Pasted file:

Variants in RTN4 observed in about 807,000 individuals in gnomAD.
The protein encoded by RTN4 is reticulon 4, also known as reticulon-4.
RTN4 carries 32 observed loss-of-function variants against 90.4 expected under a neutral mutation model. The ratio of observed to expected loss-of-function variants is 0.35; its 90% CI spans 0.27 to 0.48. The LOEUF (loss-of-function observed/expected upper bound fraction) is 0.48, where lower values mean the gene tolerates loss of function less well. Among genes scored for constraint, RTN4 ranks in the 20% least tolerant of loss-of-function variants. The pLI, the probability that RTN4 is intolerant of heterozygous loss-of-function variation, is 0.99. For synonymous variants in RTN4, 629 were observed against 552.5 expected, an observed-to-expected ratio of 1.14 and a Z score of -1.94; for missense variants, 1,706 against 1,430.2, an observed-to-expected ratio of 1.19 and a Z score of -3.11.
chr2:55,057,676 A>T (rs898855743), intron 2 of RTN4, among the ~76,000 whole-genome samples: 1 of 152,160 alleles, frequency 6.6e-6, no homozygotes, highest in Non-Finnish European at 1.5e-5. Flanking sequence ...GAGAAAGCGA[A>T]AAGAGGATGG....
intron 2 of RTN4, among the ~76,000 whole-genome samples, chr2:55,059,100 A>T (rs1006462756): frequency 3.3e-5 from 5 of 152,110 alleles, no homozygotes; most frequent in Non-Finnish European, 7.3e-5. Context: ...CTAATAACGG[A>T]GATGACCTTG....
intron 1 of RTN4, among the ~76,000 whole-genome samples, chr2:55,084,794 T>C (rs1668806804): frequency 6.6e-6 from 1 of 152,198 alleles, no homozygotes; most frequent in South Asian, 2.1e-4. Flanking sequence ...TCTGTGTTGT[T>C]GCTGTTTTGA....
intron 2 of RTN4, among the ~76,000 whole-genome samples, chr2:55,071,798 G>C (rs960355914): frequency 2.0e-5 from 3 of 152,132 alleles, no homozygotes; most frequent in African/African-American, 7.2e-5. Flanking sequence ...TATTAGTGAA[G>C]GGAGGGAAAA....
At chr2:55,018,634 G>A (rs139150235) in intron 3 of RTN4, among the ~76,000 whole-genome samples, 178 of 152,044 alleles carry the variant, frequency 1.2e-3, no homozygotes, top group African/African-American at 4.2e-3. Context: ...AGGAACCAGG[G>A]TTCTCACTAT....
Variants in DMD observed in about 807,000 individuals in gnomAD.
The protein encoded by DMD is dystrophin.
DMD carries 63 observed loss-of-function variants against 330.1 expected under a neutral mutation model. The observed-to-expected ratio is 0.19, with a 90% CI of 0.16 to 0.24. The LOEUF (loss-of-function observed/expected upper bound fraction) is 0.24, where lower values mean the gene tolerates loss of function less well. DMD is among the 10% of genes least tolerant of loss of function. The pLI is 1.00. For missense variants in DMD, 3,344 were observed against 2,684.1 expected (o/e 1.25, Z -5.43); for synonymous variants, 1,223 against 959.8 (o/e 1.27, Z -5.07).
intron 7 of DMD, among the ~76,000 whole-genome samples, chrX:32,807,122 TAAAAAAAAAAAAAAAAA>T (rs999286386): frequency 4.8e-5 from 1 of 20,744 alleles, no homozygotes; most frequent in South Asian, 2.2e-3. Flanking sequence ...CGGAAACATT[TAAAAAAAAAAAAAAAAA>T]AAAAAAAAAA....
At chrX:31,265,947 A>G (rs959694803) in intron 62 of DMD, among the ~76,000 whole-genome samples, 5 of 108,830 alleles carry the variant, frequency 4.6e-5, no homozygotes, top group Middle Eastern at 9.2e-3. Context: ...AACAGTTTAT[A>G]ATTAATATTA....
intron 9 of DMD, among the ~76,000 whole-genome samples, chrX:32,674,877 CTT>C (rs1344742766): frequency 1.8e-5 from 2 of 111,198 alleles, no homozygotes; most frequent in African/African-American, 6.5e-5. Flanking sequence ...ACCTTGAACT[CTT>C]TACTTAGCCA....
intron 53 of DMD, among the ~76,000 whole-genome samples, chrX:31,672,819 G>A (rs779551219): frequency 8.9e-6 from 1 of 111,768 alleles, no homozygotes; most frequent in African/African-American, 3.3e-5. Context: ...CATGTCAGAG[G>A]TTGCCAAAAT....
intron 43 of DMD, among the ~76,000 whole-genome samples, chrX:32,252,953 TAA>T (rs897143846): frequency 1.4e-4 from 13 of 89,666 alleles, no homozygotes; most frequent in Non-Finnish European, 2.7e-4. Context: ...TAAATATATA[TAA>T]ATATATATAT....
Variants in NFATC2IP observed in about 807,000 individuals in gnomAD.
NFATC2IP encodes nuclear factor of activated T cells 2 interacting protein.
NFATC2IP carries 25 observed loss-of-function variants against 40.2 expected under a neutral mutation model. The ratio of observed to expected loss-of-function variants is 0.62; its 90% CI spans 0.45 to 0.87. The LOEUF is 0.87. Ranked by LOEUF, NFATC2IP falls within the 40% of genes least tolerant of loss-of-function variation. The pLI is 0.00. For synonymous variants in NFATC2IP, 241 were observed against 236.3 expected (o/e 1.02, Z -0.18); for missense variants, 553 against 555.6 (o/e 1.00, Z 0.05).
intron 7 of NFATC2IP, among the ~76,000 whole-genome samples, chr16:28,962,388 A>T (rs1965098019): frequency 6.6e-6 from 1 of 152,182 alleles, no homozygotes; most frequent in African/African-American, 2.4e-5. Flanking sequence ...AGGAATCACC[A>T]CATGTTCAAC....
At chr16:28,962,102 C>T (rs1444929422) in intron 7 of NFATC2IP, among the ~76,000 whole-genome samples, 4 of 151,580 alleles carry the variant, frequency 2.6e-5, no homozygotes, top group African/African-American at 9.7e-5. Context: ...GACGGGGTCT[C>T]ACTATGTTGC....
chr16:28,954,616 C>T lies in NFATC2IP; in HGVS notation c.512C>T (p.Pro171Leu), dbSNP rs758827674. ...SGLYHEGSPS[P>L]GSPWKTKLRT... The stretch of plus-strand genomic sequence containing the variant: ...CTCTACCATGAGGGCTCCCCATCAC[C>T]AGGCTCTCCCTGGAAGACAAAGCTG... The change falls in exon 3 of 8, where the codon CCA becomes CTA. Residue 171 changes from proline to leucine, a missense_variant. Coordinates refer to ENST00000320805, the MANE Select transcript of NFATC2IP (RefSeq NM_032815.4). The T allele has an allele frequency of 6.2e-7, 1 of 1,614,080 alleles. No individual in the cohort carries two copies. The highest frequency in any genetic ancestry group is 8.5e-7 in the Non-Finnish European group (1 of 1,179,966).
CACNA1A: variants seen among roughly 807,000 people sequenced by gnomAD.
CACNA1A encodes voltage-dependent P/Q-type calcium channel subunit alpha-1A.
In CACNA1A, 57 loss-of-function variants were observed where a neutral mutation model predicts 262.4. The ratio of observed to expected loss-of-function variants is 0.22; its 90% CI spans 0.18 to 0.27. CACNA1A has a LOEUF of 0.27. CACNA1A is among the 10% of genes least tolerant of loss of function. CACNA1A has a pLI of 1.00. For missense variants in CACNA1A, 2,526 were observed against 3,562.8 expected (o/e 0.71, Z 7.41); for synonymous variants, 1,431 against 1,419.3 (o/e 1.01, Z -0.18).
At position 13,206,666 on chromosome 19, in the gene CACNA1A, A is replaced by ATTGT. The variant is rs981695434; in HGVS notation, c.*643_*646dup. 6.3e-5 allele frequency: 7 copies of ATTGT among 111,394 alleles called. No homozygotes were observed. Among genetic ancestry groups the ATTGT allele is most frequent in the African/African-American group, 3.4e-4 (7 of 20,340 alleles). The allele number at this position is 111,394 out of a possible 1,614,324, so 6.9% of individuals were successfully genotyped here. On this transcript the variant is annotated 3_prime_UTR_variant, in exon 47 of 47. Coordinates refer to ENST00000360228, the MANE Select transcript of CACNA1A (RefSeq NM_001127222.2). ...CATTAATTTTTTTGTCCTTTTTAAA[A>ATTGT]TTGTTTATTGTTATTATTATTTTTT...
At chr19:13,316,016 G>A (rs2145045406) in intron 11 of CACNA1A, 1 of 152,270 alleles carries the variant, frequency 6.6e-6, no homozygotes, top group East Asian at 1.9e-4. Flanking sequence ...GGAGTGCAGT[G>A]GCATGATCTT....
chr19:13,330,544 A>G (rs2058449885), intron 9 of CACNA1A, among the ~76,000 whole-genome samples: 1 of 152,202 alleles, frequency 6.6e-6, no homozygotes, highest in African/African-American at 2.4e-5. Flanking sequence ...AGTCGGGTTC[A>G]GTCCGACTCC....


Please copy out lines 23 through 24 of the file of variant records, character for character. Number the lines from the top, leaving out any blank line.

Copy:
CACNA1A: variants seen among roughly 807,000 people sequenced by gnomAD.
CACNA1A encodes voltage-dependent P/Q-type calcium channel subunit alpha-1A.